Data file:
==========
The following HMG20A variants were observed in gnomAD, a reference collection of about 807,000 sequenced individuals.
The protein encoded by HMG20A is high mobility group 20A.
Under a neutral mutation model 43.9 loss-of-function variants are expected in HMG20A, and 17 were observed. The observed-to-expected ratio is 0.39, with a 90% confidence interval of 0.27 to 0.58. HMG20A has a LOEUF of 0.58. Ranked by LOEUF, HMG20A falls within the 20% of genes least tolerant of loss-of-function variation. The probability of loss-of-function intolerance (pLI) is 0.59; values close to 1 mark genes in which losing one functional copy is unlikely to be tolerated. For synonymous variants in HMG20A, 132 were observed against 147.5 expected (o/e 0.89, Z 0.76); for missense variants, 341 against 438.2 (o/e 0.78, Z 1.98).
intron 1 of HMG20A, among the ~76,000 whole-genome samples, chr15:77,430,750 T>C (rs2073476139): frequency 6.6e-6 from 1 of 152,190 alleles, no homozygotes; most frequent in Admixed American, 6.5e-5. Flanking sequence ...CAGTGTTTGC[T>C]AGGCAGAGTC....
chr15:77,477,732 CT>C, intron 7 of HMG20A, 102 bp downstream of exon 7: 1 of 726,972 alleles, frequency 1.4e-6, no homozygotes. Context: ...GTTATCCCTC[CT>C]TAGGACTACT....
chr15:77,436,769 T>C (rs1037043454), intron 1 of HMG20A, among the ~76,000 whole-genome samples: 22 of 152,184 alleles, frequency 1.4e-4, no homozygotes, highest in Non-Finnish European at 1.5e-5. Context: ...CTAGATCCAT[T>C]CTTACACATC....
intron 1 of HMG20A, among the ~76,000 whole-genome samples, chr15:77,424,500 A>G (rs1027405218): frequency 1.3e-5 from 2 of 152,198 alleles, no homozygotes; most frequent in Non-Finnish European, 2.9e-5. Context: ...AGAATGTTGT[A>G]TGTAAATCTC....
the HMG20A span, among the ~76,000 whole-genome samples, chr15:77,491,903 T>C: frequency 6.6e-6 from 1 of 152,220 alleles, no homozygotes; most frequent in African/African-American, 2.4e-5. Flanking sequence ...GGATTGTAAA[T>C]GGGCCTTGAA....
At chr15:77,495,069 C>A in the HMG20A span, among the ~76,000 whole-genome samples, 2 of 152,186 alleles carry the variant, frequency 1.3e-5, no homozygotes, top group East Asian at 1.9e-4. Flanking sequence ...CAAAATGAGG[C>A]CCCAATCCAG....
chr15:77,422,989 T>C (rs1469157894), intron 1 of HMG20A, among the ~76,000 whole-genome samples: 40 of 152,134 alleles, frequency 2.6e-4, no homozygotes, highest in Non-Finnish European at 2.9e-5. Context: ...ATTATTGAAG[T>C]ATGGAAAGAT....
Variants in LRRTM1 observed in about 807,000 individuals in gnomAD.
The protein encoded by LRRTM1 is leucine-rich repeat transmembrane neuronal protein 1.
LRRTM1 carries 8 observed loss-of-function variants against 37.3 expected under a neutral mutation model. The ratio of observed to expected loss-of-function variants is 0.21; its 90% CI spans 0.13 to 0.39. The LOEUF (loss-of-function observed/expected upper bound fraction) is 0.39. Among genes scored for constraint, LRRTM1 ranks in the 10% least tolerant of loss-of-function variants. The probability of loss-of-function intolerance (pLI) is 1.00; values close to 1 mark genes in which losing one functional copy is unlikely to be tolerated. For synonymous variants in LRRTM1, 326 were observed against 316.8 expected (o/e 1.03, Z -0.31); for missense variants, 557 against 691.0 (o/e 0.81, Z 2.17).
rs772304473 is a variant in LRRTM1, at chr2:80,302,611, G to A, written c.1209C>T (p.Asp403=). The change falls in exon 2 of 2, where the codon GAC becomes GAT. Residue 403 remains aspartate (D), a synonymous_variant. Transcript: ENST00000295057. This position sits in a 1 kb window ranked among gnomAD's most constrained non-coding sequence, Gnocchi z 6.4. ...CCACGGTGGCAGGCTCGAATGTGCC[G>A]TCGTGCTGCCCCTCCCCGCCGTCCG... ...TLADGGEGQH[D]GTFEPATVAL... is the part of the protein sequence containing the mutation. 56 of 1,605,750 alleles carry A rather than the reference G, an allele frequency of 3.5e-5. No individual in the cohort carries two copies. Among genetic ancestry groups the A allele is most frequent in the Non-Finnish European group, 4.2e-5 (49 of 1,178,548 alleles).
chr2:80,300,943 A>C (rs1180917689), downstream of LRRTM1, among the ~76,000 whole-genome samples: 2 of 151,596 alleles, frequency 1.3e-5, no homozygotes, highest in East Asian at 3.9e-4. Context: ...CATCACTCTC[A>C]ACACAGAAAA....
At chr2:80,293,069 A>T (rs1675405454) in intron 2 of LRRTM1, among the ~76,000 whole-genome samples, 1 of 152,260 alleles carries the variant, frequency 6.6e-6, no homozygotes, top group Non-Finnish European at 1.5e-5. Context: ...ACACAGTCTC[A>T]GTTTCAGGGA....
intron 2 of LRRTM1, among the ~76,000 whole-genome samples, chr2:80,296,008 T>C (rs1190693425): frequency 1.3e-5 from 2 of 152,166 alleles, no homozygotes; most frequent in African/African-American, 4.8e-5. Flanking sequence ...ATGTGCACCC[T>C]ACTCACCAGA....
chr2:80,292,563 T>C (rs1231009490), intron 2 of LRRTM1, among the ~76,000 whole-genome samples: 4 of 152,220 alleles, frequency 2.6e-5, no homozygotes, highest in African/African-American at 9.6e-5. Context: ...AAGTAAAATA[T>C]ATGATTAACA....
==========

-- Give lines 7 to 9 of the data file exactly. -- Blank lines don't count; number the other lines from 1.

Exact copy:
intron 1 of HMG20A, among the ~76,000 whole-genome samples, chr15:77,424,500 A>G (rs1027405218): frequency 1.3e-5 from 2 of 152,198 alleles, no homozygotes; most frequent in Non-Finnish European, 2.9e-5. Context: ...AGAATGTTGT[A>G]TGTAAATCTC....
the HMG20A span, among the ~76,000 whole-genome samples, chr15:77,491,903 T>C: frequency 6.6e-6 from 1 of 152,220 alleles, no homozygotes; most frequent in African/African-American, 2.4e-5. Flanking sequence ...GGATTGTAAA[T>C]GGGCCTTGAA....
At chr15:77,495,069 C>A in the HMG20A span, among the ~76,000 whole-genome samples, 2 of 152,186 alleles carry the variant, frequency 1.3e-5, no homozygotes, top group East Asian at 1.9e-4. Flanking sequence ...CAAAATGAGG[C>A]CCCAATCCAG....